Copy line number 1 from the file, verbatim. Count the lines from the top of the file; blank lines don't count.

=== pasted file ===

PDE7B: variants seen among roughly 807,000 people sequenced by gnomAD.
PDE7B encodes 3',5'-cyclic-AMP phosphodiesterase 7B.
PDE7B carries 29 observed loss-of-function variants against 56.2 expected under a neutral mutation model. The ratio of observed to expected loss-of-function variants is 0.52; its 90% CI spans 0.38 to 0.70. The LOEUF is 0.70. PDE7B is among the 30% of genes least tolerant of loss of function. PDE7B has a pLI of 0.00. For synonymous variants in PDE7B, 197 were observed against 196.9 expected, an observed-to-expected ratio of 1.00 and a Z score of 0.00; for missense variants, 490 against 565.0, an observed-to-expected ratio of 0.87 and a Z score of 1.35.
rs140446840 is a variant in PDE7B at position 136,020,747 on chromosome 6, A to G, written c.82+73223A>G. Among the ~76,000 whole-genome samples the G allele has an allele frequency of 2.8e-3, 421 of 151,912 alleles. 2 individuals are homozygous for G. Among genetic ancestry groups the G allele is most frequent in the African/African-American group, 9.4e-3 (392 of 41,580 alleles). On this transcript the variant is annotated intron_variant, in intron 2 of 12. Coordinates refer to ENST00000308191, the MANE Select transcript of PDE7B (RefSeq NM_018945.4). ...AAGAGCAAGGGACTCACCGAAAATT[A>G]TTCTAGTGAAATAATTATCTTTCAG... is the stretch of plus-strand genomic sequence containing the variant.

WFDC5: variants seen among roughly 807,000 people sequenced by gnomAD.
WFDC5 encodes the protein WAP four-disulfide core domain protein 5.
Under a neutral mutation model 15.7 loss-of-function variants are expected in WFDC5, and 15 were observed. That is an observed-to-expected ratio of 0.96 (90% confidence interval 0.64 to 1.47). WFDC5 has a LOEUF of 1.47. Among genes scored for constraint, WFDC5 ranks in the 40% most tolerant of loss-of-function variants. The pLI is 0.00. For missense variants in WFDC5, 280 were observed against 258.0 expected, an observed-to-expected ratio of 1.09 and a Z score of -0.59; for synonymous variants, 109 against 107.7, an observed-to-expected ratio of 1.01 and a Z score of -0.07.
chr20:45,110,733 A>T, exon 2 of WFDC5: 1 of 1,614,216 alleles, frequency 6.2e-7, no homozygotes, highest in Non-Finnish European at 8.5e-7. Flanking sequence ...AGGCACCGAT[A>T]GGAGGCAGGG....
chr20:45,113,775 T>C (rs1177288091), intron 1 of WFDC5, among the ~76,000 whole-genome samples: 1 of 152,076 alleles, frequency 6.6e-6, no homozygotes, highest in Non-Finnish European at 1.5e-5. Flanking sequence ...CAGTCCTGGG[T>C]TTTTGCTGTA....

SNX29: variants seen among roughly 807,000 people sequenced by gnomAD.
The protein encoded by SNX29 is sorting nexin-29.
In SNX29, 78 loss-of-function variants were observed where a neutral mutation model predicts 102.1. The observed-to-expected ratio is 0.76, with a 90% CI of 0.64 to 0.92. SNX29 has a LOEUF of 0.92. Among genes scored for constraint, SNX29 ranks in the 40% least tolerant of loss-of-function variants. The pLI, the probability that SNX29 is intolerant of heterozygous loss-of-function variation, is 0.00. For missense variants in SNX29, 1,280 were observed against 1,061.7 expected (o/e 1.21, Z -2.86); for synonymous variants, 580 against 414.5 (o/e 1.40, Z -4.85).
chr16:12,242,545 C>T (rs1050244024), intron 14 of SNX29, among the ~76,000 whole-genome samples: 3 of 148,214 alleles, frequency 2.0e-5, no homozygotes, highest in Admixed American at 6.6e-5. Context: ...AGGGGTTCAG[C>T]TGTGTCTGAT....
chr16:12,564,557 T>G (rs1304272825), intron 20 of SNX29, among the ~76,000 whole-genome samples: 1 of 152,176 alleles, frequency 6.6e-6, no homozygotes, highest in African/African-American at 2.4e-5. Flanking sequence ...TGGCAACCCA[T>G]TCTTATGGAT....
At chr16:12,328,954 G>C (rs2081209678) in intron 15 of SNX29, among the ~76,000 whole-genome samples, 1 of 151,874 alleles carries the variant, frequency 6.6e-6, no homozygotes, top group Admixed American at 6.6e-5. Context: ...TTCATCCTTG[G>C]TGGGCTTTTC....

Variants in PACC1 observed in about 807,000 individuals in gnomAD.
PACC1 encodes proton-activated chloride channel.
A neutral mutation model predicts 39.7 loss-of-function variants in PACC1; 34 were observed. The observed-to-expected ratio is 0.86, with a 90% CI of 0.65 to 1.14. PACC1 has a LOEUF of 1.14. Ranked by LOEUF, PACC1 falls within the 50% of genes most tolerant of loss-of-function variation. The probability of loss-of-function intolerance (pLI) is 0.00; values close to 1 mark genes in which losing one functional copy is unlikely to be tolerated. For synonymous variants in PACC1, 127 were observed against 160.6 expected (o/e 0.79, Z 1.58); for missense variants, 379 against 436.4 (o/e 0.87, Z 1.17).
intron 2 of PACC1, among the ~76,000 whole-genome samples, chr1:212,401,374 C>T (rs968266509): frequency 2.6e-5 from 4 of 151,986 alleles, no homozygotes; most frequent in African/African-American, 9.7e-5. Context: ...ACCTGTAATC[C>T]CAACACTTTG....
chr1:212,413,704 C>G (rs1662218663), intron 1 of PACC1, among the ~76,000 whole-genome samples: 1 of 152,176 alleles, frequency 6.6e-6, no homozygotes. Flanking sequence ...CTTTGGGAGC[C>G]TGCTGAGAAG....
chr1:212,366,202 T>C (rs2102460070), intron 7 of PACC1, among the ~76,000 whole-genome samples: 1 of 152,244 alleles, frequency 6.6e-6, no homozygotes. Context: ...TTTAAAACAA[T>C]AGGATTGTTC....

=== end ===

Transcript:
PDE7B: variants seen among roughly 807,000 people sequenced by gnomAD.